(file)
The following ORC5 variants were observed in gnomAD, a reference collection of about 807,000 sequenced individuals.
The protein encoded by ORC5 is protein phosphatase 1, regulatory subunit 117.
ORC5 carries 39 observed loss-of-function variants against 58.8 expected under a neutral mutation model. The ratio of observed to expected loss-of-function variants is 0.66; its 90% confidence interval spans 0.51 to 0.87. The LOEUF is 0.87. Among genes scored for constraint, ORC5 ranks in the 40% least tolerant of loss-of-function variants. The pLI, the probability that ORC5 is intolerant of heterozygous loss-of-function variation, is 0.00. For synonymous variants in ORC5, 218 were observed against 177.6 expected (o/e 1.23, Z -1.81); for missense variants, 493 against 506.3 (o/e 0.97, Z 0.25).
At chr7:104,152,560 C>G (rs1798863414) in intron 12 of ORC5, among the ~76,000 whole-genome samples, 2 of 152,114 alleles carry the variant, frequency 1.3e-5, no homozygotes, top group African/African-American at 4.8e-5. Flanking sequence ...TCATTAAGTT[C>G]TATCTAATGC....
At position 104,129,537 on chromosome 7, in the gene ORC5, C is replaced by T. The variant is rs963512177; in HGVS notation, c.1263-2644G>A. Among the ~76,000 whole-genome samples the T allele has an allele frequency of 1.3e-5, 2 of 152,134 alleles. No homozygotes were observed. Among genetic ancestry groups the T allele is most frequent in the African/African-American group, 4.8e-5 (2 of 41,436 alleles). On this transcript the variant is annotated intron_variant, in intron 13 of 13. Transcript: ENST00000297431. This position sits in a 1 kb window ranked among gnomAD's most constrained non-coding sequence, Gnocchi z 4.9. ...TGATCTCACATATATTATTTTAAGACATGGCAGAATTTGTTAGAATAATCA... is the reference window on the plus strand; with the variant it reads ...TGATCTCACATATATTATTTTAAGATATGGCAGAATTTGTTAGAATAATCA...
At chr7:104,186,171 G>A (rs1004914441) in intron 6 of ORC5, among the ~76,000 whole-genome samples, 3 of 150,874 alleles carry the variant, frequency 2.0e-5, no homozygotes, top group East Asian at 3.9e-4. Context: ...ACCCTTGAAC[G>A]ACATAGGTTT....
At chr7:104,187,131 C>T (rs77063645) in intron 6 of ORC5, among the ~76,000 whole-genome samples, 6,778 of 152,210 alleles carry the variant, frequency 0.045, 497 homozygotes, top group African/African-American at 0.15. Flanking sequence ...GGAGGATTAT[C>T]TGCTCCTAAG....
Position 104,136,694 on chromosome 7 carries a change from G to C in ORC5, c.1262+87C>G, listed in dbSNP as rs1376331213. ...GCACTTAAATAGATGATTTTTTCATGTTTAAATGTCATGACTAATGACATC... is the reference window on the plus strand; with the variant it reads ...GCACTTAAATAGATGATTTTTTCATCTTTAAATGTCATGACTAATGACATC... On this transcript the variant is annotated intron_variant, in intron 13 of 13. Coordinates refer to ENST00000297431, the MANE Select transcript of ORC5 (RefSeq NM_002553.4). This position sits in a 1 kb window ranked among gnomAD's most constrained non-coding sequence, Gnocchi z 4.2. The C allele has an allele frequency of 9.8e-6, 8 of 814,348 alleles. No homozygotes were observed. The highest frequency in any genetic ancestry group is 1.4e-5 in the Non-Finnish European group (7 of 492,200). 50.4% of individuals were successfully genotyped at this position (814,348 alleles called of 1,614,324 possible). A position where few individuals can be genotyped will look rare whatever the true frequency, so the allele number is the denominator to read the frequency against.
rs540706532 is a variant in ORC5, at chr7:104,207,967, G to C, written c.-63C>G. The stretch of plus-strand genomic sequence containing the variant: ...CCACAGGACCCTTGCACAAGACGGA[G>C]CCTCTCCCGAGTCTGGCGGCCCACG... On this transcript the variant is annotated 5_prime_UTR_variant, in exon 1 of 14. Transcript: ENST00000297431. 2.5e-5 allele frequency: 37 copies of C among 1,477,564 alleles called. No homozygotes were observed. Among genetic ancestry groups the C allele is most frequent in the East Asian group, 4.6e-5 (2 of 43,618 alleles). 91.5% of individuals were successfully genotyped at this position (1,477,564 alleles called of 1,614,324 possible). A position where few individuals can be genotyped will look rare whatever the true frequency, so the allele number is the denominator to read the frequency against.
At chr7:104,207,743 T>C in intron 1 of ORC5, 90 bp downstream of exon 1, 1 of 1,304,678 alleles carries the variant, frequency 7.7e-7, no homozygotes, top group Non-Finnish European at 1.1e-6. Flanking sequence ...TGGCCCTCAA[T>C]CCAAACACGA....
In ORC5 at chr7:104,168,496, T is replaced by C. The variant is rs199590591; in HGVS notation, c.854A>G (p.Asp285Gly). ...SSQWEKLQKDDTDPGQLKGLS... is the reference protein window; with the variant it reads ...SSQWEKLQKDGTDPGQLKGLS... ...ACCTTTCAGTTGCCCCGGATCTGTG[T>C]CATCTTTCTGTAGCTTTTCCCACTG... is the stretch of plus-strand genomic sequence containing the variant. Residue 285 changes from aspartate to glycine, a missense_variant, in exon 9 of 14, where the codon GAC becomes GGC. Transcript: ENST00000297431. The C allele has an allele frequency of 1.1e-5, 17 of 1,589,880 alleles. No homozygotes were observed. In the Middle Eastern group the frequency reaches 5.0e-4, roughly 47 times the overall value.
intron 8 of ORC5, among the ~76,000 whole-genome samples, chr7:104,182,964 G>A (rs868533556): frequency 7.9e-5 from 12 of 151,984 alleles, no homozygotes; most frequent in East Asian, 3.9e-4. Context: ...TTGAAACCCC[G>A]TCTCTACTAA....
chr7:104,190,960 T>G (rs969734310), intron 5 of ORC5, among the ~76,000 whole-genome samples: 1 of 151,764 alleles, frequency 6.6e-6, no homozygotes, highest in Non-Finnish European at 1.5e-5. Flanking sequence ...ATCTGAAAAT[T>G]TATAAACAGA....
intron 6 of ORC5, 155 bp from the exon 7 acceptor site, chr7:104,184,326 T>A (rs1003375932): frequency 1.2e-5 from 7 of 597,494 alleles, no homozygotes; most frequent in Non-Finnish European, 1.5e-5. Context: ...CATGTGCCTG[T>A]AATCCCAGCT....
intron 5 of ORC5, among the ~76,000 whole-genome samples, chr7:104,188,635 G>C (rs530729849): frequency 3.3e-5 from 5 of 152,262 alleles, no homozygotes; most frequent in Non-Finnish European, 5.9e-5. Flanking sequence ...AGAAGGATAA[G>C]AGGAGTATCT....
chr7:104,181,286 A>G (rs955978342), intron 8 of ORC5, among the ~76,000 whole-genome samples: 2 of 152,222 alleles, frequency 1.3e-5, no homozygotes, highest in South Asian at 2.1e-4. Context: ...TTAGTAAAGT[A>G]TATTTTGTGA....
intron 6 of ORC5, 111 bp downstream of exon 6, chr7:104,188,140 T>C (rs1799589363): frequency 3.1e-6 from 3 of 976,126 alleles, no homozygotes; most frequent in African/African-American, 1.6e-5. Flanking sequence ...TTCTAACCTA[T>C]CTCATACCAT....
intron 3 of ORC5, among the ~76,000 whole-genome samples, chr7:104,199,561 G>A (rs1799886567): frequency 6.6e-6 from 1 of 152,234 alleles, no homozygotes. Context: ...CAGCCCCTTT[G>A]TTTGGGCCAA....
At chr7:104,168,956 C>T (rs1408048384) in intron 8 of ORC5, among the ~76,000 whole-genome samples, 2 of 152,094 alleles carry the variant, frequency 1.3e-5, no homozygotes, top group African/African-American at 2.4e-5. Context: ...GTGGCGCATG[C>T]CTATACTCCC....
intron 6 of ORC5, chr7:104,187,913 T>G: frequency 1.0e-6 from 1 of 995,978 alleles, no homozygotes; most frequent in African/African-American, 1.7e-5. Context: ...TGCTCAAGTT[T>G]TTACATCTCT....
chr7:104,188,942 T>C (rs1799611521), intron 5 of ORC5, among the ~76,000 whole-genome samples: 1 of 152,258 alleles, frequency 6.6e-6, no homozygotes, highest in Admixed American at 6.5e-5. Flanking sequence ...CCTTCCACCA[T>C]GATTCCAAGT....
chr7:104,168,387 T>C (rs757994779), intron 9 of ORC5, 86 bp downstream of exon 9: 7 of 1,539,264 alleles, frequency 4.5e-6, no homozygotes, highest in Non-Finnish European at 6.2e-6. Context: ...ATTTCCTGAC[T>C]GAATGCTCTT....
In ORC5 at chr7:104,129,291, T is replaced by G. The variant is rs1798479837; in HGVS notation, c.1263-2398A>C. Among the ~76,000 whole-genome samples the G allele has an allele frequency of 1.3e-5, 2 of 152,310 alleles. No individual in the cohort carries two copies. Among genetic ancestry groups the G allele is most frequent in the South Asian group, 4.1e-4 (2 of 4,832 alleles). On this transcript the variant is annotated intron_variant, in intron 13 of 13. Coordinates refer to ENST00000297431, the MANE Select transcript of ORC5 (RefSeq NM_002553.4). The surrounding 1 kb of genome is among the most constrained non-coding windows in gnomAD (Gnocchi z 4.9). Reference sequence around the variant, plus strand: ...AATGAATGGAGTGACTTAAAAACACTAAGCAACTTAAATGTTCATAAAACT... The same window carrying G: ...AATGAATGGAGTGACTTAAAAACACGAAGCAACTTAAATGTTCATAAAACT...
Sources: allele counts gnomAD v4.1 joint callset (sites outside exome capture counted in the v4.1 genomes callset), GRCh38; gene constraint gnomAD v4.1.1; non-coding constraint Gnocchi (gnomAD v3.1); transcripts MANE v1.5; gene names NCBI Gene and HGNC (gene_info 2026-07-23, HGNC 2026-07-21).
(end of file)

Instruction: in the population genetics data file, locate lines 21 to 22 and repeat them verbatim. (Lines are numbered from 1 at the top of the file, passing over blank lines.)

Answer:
chr7:104,188,942 T>C (rs1799611521), intron 5 of ORC5, among the ~76,000 whole-genome samples: 1 of 152,258 alleles, frequency 6.6e-6, no homozygotes, highest in Admixed American at 6.5e-5. Flanking sequence ...CCTTCCACCA[T>C]GATTCCAAGT....
chr7:104,168,387 T>C (rs757994779), intron 9 of ORC5, 86 bp downstream of exon 9: 7 of 1,539,264 alleles, frequency 4.5e-6, no homozygotes, highest in Non-Finnish European at 6.2e-6. Context: ...ATTTCCTGAC[T>C]GAATGCTCTT....